“The reason for this is that historically, the coaches themselves either used to umpire or bring their own umpires.
“Of course that could cause obvious unintended problems whereas our umpires have no allegiance to any team and so even if errors are made we are not favouring one team over another.
“This is critical in terms of our performance; that our integrity is never questioned.
“In terms of selection, OMCW is a wonderful opportunity for our umpires to get exposed to a high level of cricket and can be used as a springboard to move on to greater things such as being selected to be part of the CSA Umpires track – working through the various levels and hopefully onto our CSA National Panel.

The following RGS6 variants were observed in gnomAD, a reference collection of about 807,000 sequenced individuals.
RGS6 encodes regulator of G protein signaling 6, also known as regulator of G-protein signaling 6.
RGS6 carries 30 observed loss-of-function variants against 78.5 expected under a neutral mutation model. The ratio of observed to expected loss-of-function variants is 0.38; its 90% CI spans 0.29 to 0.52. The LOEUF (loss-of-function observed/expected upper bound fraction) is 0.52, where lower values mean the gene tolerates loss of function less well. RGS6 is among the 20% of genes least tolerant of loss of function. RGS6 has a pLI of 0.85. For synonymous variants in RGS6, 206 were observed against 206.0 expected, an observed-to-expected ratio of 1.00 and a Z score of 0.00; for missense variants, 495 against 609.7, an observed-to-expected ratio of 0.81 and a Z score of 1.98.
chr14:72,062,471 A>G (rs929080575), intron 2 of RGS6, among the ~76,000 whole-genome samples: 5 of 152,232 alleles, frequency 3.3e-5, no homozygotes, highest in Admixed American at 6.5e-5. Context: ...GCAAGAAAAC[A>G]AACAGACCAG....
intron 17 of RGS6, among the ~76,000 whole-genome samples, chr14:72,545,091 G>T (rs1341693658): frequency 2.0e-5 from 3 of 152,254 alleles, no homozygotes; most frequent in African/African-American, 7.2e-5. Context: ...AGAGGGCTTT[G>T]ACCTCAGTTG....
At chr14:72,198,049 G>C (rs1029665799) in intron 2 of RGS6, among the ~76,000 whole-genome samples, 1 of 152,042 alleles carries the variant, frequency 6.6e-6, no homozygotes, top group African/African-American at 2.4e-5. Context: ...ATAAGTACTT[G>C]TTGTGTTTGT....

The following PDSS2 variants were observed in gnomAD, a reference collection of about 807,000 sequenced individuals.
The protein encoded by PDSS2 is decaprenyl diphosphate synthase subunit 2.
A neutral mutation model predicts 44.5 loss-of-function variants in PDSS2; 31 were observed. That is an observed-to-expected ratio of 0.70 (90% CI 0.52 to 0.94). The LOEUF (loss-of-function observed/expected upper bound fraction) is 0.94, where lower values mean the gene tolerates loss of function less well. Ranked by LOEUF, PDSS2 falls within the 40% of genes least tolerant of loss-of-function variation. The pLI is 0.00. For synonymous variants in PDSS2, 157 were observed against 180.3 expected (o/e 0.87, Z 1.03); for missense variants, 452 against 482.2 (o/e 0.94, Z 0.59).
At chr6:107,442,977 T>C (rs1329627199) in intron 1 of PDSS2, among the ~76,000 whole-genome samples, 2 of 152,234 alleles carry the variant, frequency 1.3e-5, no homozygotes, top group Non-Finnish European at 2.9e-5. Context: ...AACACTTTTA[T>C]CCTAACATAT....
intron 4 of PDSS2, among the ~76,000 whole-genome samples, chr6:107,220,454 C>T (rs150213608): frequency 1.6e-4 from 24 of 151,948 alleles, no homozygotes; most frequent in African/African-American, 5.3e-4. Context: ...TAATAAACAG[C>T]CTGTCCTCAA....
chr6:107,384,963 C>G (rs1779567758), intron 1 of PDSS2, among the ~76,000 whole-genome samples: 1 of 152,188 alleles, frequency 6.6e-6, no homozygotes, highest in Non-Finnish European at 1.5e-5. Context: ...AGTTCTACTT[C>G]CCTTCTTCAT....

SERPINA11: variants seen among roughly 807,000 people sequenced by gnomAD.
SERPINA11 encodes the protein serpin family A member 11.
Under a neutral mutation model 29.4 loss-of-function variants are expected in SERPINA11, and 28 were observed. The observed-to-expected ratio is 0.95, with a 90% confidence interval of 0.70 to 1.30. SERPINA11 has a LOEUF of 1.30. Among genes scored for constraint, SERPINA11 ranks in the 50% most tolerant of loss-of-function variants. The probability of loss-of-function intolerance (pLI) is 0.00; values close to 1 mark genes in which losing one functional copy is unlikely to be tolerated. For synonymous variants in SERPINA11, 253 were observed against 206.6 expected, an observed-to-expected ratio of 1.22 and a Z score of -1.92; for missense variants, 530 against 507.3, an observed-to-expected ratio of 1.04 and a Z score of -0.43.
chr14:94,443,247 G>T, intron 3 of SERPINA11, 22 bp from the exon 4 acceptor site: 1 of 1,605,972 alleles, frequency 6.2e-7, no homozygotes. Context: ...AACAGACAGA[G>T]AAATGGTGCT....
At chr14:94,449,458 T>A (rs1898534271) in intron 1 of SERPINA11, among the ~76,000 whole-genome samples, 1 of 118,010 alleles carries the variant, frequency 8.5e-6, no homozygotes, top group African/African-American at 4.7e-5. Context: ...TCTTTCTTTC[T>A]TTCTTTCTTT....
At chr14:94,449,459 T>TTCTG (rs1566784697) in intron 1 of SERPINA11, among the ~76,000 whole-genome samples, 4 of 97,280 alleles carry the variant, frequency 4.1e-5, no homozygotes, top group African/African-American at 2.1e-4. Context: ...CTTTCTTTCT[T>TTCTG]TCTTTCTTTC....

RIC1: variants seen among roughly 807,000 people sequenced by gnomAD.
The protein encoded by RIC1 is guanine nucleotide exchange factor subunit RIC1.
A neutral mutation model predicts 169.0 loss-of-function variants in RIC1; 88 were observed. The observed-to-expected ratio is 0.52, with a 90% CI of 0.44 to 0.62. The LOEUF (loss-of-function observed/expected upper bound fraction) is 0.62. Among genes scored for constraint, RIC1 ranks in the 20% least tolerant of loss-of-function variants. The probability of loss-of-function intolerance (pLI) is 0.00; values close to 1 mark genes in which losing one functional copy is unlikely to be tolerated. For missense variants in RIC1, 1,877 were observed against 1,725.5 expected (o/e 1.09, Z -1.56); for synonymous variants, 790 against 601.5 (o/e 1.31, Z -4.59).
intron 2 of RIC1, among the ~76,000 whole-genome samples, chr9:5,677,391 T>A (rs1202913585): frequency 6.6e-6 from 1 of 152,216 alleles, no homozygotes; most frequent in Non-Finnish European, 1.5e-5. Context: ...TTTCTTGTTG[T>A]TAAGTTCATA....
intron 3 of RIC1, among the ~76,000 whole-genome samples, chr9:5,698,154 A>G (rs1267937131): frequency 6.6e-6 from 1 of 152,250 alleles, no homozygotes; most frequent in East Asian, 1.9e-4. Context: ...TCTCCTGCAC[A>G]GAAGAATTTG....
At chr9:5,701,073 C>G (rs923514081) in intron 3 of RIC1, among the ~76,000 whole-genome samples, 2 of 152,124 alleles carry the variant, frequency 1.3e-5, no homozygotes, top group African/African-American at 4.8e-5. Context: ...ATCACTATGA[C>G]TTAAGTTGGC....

“Furthermore, what the umpires learn throughout the OMCW festival is how to engage at a high level with players and coaches as well as put their skills to the test, which ultimately will deliver a consistent, excellent match performance across our KZN cricket structures. I see this as a win-win.
“I strive to ensure that only the best-qualified umpires get selected with many having their Level 3 qualification and a number already included in CSA structures.
“Added to this are some relatively new umpires who not only have the requisite skill and ability to be part of this marvellous OMCW celebration of top-class schoolboy cricket but who can then go far in their umpiring careers having had the benefit of OMCW as a platform to do just that.